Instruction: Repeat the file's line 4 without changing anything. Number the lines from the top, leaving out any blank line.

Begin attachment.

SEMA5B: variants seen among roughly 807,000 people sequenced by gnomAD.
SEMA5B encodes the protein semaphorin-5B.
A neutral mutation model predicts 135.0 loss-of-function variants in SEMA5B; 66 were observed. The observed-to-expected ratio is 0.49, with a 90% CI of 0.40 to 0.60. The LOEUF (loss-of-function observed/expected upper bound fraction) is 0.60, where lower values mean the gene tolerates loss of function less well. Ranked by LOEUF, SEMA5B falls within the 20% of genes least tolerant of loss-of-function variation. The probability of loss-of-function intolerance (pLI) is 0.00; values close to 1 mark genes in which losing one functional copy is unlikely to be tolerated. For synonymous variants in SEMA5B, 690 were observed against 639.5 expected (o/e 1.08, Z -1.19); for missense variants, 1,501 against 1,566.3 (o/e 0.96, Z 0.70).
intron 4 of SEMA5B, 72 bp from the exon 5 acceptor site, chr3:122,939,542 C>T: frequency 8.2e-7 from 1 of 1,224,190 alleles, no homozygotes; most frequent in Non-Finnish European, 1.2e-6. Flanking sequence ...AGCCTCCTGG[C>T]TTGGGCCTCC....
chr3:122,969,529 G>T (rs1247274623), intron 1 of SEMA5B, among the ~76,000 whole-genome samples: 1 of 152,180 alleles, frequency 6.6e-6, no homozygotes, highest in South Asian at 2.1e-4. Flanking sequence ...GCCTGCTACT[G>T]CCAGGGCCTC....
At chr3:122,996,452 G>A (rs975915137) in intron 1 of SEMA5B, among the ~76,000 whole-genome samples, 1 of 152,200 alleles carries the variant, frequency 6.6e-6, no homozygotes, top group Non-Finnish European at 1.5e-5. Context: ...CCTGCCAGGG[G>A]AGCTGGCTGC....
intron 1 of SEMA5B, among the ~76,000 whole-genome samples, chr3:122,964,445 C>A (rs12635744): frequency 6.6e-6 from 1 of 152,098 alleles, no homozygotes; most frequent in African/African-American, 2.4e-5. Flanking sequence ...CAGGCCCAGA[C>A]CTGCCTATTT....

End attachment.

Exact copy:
intron 4 of SEMA5B, 72 bp from the exon 5 acceptor site, chr3:122,939,542 C>T: frequency 8.2e-7 from 1 of 1,224,190 alleles, no homozygotes; most frequent in Non-Finnish European, 1.2e-6. Flanking sequence ...AGCCTCCTGG[C>T]TTGGGCCTCC....